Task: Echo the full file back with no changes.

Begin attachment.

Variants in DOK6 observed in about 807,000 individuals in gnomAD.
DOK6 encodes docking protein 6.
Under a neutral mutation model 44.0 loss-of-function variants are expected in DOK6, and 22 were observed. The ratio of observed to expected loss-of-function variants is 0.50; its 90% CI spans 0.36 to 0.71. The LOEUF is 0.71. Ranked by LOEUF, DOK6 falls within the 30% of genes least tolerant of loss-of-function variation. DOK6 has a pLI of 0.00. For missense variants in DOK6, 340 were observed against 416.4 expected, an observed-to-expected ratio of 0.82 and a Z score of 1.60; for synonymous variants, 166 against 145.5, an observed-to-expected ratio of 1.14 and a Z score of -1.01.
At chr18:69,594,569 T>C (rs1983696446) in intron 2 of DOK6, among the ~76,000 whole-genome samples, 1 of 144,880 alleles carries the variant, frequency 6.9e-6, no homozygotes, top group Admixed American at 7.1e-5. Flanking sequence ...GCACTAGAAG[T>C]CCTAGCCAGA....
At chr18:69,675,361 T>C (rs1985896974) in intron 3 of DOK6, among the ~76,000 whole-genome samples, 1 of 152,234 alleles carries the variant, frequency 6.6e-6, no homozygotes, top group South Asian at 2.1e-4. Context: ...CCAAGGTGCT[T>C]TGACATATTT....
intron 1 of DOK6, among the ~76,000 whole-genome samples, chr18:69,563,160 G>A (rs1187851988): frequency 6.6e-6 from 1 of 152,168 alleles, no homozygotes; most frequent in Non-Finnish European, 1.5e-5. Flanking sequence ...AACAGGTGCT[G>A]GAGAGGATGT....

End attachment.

Variants in DOK6 observed in about 807,000 individuals in gnomAD.
DOK6 encodes docking protein 6.
Under a neutral mutation model 44.0 loss-of-function variants are expected in DOK6, and 22 were observed. The ratio of observed to expected loss-of-function variants is 0.50; its 90% CI spans 0.36 to 0.71. The LOEUF is 0.71. Ranked by LOEUF, DOK6 falls within the 30% of genes least tolerant of loss-of-function variation. DOK6 has a pLI of 0.00. For missense variants in DOK6, 340 were observed against 416.4 expected, an observed-to-expected ratio of 0.82 and a Z score of 1.60; for synonymous variants, 166 against 145.5, an observed-to-expected ratio of 1.14 and a Z score of -1.01.
At chr18:69,594,569 T>C (rs1983696446) in intron 2 of DOK6, among the ~76,000 whole-genome samples, 1 of 144,880 alleles carries the variant, frequency 6.9e-6, no homozygotes, top group Admixed American at 7.1e-5. Flanking sequence ...GCACTAGAAG[T>C]CCTAGCCAGA....
At chr18:69,675,361 T>C (rs1985896974) in intron 3 of DOK6, among the ~76,000 whole-genome samples, 1 of 152,234 alleles carries the variant, frequency 6.6e-6, no homozygotes, top group South Asian at 2.1e-4. Context: ...CCAAGGTGCT[T>C]TGACATATTT....
intron 1 of DOK6, among the ~76,000 whole-genome samples, chr18:69,563,160 G>A (rs1187851988): frequency 6.6e-6 from 1 of 152,168 alleles, no homozygotes; most frequent in Non-Finnish European, 1.5e-5. Flanking sequence ...AACAGGTGCT[G>A]GAGAGGATGT....